"If I needed one player to do the job of winning the game I needed to win, that player would be Frank Frisch." – Joe McCarthy
Frankie Frisch was a collegiate sports superstar, playing for Fordham University's baseball, basketball, football and track teams. His remarkable speed would earn him the nickname "Fordham Flash." Frisch would not finish his undergraduate career at Fordham, however, instead choosing to sign a contract with the New York Giants in 1919.
The Giants wasted no time with Frisch, placing him directly on the major league squad instead of seasoning him in the minors. At first glance the effort seemed to be a failure; Frisch hit only .226 in an abbreviated season. But in 1920, Frisch rewarded the Giants' investment. In his first full season, Frisch hit .280 and drove in 77 runs to go along with 34 stolen bases. His effort in 1921 would prove even better, as Frisch batted .341 and stole 49 bases to lead the National League. He would capture two more stolen base titles in 1927 and 1931, but not with the New York Giants.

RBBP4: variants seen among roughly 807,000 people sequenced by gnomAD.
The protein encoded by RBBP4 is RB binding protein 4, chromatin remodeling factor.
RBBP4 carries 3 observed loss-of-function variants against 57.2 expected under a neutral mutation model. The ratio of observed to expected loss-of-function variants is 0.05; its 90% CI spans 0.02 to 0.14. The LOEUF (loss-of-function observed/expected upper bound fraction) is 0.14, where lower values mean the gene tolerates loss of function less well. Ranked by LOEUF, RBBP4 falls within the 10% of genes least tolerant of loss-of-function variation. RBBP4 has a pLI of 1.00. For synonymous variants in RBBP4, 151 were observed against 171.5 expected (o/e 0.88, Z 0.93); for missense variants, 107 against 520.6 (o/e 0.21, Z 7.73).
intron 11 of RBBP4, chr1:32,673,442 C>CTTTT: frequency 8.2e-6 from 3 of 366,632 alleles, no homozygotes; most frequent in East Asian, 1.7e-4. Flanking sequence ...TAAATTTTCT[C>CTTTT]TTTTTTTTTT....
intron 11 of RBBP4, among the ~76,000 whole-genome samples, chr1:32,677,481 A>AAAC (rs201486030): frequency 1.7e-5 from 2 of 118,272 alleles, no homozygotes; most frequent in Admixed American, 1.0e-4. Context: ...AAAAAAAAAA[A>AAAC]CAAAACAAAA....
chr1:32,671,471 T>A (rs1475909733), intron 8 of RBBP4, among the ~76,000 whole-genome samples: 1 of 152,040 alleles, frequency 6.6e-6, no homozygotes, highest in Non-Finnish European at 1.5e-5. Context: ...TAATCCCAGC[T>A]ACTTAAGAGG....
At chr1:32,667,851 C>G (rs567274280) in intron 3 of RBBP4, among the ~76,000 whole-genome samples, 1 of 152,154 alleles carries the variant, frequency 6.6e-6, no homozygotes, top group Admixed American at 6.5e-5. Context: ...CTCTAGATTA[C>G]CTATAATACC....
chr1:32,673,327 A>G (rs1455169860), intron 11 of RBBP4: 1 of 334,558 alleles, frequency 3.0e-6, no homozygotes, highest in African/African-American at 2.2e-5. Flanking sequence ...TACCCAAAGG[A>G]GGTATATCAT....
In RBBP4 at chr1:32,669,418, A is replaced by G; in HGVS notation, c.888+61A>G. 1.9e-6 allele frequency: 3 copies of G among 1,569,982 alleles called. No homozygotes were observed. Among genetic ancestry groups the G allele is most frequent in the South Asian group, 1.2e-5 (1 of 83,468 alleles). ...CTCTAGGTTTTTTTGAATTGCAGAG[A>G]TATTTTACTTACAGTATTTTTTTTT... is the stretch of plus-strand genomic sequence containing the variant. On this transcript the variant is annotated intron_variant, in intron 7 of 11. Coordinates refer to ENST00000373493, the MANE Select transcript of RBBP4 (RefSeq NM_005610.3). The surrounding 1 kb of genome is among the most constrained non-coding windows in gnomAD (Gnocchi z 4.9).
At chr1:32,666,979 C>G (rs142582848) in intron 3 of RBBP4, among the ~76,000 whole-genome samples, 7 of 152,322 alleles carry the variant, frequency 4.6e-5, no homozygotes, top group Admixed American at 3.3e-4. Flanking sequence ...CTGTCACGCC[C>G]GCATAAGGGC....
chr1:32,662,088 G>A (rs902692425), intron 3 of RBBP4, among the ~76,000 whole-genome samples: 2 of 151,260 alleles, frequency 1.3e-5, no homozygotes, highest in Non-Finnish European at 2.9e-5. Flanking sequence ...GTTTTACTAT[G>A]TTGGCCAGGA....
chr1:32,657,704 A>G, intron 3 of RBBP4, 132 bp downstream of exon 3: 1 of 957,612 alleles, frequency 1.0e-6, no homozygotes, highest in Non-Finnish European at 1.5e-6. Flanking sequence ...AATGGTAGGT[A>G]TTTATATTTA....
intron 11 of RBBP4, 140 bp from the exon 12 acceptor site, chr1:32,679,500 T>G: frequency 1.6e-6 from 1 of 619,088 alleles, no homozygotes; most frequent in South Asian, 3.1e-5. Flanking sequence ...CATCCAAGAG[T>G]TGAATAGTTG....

Despite winning back to back World Series with the Giants (1921, 1922) and being named captain by manager John McGraw, Frisch's time in New York would come to an unceremonious end. After a Giants loss in the latter half of the 1926 season, McGraw argued with Frisch in front of his teammates. Frisch responded by leaving the team and heading home to New York City. He would eventually return to the Giants, but McGraw and Frisch's relationship was never the same.
The Giants would trade Frisch along with pitcher Jimmy Ring to the St. Louis Cardinals for Rogers Hornsby after the 1926 season. In 1927, Frisch, always known for his stellar glove work, posted one of the best defensive efforts ever, setting the record for most assists in a single season by a second baseman (641). He also won the National League Most Valuable Player Award with the Cardinals in 1931 while helping them capture the World Series both that year and in 1934.
Frisch was named the Cardinals' player/manager in 1933 and later managed the Pirates and Cubs, posting a career record of 1,138-1,078 over 16 seasons.
Frisch was elected to the Hall of Fame in 1947. He passed away on March 12, 1973.